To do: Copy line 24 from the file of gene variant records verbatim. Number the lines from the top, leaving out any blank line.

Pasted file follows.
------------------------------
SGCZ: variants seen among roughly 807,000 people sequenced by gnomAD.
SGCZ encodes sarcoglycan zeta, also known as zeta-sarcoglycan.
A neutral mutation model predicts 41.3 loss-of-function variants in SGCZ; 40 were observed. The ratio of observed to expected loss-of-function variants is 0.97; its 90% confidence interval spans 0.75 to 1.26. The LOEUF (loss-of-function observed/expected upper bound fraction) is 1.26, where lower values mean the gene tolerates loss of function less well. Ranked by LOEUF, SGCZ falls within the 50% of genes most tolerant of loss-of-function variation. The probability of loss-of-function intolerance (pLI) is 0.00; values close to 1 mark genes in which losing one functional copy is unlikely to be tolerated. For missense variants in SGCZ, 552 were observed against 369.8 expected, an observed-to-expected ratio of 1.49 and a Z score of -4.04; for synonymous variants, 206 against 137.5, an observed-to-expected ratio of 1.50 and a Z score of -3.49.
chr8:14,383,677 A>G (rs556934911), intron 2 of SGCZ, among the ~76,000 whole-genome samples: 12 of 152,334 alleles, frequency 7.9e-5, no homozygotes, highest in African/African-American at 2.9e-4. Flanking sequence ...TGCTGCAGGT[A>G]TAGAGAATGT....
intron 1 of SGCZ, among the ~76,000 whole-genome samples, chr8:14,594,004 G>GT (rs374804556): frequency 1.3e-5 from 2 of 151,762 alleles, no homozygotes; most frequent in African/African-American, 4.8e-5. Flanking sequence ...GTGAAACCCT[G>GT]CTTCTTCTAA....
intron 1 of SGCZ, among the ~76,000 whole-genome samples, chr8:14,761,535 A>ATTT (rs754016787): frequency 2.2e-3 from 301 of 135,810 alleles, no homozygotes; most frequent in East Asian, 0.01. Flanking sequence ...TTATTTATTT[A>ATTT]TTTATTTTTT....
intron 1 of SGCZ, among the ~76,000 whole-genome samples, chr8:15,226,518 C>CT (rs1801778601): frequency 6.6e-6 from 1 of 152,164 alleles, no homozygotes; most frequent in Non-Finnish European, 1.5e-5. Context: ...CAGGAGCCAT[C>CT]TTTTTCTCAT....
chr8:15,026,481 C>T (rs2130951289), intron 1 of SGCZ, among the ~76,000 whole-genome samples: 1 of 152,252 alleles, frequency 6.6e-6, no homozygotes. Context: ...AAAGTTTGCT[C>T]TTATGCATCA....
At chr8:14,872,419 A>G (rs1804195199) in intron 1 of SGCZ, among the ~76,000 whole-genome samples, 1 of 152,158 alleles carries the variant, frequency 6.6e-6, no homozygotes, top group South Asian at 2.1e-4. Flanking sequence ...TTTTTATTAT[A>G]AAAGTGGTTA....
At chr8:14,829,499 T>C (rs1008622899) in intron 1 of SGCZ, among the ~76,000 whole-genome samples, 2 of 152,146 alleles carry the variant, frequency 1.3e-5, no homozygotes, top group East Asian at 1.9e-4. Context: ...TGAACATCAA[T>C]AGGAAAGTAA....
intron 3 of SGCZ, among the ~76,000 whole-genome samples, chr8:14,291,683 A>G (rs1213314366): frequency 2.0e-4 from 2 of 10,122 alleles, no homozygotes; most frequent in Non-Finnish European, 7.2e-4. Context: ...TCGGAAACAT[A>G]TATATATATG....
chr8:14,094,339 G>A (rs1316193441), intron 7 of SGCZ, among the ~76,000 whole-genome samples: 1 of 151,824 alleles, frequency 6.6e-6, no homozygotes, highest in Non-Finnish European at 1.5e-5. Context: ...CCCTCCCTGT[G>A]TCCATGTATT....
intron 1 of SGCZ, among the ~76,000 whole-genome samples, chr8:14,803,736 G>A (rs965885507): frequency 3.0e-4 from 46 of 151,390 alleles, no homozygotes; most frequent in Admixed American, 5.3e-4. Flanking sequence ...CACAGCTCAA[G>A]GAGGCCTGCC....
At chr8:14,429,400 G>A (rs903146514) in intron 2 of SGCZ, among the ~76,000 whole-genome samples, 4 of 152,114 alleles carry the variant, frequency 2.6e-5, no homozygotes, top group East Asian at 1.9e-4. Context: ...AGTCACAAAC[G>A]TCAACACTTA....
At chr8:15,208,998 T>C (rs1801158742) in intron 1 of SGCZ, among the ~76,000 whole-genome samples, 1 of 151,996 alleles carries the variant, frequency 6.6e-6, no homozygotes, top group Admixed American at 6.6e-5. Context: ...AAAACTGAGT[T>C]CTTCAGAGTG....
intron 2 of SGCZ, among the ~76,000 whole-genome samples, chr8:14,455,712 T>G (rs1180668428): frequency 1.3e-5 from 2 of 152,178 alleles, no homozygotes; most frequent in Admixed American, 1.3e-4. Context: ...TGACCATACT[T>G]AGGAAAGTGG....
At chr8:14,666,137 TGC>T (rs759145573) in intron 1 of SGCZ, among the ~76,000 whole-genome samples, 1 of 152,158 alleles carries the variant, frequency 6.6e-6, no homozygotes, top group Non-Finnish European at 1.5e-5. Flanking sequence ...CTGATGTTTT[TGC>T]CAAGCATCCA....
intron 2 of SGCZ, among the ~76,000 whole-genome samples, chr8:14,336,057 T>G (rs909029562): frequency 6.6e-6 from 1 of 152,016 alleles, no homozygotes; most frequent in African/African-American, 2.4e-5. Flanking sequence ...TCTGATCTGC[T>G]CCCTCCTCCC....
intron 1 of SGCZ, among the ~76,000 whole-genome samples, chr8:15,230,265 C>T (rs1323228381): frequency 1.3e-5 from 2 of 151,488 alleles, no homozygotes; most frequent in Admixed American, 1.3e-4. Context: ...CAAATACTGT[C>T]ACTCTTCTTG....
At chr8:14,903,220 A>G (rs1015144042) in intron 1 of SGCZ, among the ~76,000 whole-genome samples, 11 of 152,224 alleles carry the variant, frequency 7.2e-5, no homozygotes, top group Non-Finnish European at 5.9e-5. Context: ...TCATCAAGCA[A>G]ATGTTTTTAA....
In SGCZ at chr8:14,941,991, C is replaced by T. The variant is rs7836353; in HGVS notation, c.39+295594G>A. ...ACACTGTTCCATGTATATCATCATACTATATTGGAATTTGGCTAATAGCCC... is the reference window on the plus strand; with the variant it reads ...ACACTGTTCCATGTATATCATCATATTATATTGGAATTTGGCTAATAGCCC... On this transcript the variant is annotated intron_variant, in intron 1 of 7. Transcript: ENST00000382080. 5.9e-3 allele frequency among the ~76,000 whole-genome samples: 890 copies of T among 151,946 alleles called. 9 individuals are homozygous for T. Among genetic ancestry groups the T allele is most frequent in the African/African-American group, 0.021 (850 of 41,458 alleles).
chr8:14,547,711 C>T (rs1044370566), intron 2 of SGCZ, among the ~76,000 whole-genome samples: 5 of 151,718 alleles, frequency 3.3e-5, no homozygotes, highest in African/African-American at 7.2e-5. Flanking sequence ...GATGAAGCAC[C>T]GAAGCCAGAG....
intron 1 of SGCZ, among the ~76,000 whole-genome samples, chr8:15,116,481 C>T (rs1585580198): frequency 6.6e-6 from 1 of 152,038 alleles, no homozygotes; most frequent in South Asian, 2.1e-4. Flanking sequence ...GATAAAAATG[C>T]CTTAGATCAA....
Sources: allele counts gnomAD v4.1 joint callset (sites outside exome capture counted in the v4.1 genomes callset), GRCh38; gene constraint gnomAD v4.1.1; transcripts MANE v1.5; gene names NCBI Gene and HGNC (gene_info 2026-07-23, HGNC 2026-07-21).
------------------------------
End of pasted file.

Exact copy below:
Sources: allele counts gnomAD v4.1 joint callset (sites outside exome capture counted in the v4.1 genomes callset), GRCh38; gene constraint gnomAD v4.1.1; transcripts MANE v1.5; gene names NCBI Gene and HGNC (gene_info 2026-07-23, HGNC 2026-07-21).